On the far side of the Charleston Civic Center, about a thousand blue and red clad supporters scream their support.
Many are wearing shirts emblazoned with #Riverstrong on the back. For these fans, tonight is as much about showing a community of resilience as celebrating a team making history.
That’s because last June, flooding devastated much of southern West Virginia, destroying homes, buildings and schools. One of the affected facilities was Herbert Hoover High School, which did not reopen for the 2016-2017 school year. Instead, Hoover now shares a building with Elkview Middle School. The middle school attends in the morning and the high school in the afternoon. But despite these odds, Hoover’s varsity basketball team made it to the final 8 state tournament for the first time in the school’s history.
“I think the one thing that people need to know is – ok we got flooded. We lost our high school. Our kids are going to a half a day of school cramming as many core classes as they can in a certain period of time, practicing basketball in the YMCA and they haven’t missed a beat,” said Joey Robertson, father of Hoover junior Gavin Robertson.
“The one thing I learned through all this is just how resilient students can be and just roll with the punches,” he said. “If it happened it to me, or when it did happen, I was devastated! I mean here you don’t have a high school, what’s your kid going to do? But our kids and our community, they’ve just rolled with it, haven’t let it get them down.”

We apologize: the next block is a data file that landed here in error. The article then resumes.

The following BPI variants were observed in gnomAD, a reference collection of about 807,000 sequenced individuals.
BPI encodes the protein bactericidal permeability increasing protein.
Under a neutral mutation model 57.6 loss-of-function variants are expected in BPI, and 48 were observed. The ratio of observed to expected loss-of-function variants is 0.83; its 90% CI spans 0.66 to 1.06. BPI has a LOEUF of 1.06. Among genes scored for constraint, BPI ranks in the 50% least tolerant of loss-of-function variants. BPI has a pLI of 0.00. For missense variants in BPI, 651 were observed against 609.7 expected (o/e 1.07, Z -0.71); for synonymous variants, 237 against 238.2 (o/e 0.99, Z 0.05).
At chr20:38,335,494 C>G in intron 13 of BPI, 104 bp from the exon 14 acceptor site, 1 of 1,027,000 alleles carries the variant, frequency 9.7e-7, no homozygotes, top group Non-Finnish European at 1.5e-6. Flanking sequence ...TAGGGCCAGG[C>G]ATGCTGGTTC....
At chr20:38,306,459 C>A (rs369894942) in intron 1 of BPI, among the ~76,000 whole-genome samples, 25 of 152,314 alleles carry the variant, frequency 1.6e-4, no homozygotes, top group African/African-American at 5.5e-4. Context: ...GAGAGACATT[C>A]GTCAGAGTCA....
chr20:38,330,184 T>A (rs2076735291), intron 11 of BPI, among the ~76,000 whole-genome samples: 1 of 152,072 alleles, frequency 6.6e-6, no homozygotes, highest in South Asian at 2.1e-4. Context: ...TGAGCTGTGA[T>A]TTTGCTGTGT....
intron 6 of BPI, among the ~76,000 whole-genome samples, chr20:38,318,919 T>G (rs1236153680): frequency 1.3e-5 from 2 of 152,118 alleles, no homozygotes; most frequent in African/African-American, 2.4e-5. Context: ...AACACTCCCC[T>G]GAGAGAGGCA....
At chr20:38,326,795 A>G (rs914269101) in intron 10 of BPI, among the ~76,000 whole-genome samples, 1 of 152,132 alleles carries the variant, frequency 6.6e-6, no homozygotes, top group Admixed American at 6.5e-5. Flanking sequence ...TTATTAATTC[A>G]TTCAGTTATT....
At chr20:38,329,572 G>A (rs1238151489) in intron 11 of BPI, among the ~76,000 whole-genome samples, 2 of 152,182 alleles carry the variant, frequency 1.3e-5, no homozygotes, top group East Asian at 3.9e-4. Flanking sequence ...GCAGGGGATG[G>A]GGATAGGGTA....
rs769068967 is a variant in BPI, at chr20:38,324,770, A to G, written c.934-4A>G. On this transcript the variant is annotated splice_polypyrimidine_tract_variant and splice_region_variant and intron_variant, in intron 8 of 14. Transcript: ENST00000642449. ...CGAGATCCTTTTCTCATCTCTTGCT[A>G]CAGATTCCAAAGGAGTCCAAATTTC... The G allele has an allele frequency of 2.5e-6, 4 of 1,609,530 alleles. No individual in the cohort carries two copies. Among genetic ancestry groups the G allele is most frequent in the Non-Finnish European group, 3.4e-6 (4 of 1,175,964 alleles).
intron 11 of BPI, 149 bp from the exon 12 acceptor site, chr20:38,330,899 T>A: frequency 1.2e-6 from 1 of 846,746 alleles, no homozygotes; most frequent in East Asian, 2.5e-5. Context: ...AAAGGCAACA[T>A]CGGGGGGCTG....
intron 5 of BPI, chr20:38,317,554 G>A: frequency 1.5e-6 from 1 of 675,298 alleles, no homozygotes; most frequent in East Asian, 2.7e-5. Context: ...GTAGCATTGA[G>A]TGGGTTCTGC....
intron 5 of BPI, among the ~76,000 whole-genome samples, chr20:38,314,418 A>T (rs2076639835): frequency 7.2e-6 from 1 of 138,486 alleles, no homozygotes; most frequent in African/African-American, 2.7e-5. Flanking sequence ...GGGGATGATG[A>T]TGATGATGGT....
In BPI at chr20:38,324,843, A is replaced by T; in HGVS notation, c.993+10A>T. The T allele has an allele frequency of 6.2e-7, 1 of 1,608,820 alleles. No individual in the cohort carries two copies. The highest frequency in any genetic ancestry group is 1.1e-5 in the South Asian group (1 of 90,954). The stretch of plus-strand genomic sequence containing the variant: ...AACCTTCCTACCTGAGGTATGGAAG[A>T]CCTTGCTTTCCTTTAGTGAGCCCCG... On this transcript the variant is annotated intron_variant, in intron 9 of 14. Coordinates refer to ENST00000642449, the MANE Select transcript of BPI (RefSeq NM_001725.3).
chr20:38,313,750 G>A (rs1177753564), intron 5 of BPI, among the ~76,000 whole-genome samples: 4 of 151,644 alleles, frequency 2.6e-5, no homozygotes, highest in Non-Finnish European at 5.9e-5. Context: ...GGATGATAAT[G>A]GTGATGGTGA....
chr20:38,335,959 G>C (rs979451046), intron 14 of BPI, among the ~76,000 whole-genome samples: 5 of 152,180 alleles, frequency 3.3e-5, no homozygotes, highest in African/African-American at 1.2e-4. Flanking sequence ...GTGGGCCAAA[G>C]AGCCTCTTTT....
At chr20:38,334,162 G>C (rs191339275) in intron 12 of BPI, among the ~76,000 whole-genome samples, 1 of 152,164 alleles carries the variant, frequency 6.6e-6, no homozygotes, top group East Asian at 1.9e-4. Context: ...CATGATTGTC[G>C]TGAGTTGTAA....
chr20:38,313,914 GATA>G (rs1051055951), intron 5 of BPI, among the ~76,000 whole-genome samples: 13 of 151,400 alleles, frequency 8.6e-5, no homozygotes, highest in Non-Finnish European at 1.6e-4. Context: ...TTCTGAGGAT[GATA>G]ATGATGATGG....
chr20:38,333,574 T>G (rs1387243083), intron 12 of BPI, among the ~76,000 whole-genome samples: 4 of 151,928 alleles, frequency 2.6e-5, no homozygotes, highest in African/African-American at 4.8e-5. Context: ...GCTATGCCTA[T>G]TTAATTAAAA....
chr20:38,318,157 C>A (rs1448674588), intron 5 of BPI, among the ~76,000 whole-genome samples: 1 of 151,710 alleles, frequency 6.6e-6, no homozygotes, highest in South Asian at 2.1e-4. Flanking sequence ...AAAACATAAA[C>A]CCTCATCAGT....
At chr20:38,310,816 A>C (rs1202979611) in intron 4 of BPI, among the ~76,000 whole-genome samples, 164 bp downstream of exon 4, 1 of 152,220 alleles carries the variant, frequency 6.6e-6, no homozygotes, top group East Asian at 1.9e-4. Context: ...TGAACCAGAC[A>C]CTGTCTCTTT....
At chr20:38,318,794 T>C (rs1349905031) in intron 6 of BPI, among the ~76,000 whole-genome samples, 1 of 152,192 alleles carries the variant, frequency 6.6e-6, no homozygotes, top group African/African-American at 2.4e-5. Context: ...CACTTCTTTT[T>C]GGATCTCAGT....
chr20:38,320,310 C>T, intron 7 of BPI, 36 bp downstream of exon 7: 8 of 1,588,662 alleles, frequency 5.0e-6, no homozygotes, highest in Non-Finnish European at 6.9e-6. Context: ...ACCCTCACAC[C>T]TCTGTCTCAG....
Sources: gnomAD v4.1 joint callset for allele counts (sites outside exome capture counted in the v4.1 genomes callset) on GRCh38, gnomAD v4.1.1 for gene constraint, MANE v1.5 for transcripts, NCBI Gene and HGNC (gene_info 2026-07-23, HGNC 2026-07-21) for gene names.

Hoover was undoubtedly the underdog in Thursday’s game, but senior Chase King said the team came to fight.
“Looking back last year with all the seniors we lost and then over the summer when we lost our school, it was really hard to picture any success this year,” he said.
Both King and Coach Josh Daniels said what makes this team different is how hard the team worked both in and out of season.
“This is probably the toughest bunch of guys who’ve come through the Elk River,” King continued. “I mean so much heart comes through this program and it’s all thanks to these guys.”
On the court, King and the rest of the Huskies are battled it out against Fairmont. It was a tough slog for them. Fairmont was big, fast and strong and the Polar Bears got a couple points early in the game.
At times it seemed like the Huskies might be on the path toward clawing their way back at just five or six points behind. But as the game progressed, the Polar Bears began to build more of a lead.
And then it was over. Fairmont 59, Hoover 39.
For Hoover Principal Michael Kelley, just getting to the state tournament is a testament to the tenacity and resilience of this group of boys, though.
“I think this team – I think that’s one of the reasons – in addition to it being our first state championship team – I think it’s one of the reasons the community is so excited about it – they kind of embody what the community has gone through,” he said.
Editor’s note: A previous version of this story stated that Herbert Hoover High School competed in the sweet 16 state tournament. The school actually competed in the final 8 state tournament.